New plans being drawn up by Ofcom will mean that ISPs will have to grass up their customers to copyright owners.
The draft code, which is still subject to a consultation period, European approval and the governmental green light, according to the Hollywood Reporter, means that ISPs have to tell their customers of allegations that their internet connection has been used to infringe copyright.
After three such letters in a year, those deemed to be still infringing copyright will have details sent to copyright owners, who will then be able to seek a court order to obtain information about the user’s identity. Ofcom’s Claudio Pollack said that the measures will foster investment and innovation in the UK’s creative industries. We guess he means that Big Content will not have to change its business models and everything will stay the same.
The new rules will initially affect the country’s biggest ISPs – BT, Virgin Media, TalkTalk, Sky, Everything Everywhere and O2. Although Ofcom has wanted to do it for ages the scheme has been repeatedly delayed by block attempts by BT and TalkTalk. When the two ISPs lost their legal appeal against the Digital Economy Act the way was open for Oftel to bring in its cunning plan.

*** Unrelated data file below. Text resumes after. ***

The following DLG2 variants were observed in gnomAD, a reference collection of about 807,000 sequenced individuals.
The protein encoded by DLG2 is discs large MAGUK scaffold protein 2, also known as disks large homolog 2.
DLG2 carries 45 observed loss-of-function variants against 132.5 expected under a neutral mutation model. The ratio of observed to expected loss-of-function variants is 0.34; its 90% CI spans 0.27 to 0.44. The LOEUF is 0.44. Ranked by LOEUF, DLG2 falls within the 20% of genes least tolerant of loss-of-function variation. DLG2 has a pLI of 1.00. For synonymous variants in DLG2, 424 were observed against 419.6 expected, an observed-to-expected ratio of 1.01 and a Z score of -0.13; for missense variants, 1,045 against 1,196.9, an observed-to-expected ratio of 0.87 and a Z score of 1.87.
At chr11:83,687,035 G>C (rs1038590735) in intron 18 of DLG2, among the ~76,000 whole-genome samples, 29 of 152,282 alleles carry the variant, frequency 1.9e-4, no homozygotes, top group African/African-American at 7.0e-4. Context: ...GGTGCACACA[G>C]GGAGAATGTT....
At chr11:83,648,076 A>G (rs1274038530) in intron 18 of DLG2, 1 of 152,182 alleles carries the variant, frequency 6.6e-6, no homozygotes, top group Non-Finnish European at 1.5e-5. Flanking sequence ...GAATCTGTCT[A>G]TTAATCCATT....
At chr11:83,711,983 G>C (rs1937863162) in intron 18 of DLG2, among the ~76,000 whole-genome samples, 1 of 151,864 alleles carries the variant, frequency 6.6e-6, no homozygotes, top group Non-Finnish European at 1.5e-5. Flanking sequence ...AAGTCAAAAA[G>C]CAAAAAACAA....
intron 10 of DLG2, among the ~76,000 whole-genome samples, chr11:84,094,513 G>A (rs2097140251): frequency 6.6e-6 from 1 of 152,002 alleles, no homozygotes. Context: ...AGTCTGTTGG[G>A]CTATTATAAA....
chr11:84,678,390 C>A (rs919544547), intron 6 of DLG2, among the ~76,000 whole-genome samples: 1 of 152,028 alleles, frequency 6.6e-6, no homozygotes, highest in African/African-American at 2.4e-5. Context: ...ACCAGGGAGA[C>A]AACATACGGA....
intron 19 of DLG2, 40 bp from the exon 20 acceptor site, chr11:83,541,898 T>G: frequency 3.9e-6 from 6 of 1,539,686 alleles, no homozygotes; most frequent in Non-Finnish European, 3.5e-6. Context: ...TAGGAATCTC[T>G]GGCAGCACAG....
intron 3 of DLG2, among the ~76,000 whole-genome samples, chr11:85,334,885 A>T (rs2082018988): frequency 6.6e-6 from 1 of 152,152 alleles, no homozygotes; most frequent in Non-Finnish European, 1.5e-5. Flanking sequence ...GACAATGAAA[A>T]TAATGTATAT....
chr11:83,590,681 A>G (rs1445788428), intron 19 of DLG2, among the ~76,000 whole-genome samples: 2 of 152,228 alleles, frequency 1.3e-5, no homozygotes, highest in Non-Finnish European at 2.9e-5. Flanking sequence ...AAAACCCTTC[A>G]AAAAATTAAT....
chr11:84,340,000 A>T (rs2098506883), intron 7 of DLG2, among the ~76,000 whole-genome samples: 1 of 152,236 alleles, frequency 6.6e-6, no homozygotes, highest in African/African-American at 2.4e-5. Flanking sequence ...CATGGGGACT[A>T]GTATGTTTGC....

The court ruling does mean that there will have to be some changes. But two companies were successful in persuading judges that the ISPs should not have to foot the bill of enforcing the rules. Ofcom agreed that the rights holders will shoulder most of the costs. However, the price structure implies the more infringement reports the content owners send to the ISPs, the cheaper it will be per complaint.
Anyone who wants to appeal allegations that they have illegally downloaded content will have to fork out £20, which will be refunded if successful. Ofcom said it expects the policy to take effect in early 2014.